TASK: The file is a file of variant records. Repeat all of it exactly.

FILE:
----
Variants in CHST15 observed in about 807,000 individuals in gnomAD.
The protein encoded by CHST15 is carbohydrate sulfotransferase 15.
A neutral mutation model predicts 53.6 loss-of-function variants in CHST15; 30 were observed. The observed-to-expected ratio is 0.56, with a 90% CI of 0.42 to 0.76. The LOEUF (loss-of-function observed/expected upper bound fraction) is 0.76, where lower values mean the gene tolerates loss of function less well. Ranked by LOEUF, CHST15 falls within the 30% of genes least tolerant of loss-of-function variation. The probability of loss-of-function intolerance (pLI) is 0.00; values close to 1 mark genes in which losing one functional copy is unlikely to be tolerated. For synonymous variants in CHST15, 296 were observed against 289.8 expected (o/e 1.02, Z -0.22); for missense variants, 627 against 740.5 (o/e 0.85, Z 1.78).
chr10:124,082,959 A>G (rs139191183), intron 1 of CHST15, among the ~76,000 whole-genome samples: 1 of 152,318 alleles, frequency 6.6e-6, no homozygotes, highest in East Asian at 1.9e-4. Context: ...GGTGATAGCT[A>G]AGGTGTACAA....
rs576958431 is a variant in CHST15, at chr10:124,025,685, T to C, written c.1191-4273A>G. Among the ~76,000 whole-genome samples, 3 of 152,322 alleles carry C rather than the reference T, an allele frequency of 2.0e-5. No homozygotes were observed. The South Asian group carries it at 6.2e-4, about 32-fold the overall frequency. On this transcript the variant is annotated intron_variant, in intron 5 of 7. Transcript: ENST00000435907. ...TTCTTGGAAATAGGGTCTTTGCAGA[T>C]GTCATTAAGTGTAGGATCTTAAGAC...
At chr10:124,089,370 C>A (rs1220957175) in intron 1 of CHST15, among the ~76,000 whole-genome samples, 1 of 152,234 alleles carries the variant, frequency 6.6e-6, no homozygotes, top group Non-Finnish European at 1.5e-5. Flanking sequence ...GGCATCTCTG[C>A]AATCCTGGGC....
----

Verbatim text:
Variants in CHST15 observed in about 807,000 individuals in gnomAD.
The protein encoded by CHST15 is carbohydrate sulfotransferase 15.
A neutral mutation model predicts 53.6 loss-of-function variants in CHST15; 30 were observed. The observed-to-expected ratio is 0.56, with a 90% CI of 0.42 to 0.76. The LOEUF (loss-of-function observed/expected upper bound fraction) is 0.76, where lower values mean the gene tolerates loss of function less well. Ranked by LOEUF, CHST15 falls within the 30% of genes least tolerant of loss-of-function variation. The probability of loss-of-function intolerance (pLI) is 0.00; values close to 1 mark genes in which losing one functional copy is unlikely to be tolerated. For synonymous variants in CHST15, 296 were observed against 289.8 expected (o/e 1.02, Z -0.22); for missense variants, 627 against 740.5 (o/e 0.85, Z 1.78).
chr10:124,082,959 A>G (rs139191183), intron 1 of CHST15, among the ~76,000 whole-genome samples: 1 of 152,318 alleles, frequency 6.6e-6, no homozygotes, highest in East Asian at 1.9e-4. Context: ...GGTGATAGCT[A>G]AGGTGTACAA....
rs576958431 is a variant in CHST15, at chr10:124,025,685, T to C, written c.1191-4273A>G. Among the ~76,000 whole-genome samples, 3 of 152,322 alleles carry C rather than the reference T, an allele frequency of 2.0e-5. No homozygotes were observed. The South Asian group carries it at 6.2e-4, about 32-fold the overall frequency. On this transcript the variant is annotated intron_variant, in intron 5 of 7. Transcript: ENST00000435907. ...TTCTTGGAAATAGGGTCTTTGCAGA[T>C]GTCATTAAGTGTAGGATCTTAAGAC...
At chr10:124,089,370 C>A (rs1220957175) in intron 1 of CHST15, among the ~76,000 whole-genome samples, 1 of 152,234 alleles carries the variant, frequency 6.6e-6, no homozygotes, top group Non-Finnish European at 1.5e-5. Flanking sequence ...GGCATCTCTG[C>A]AATCCTGGGC....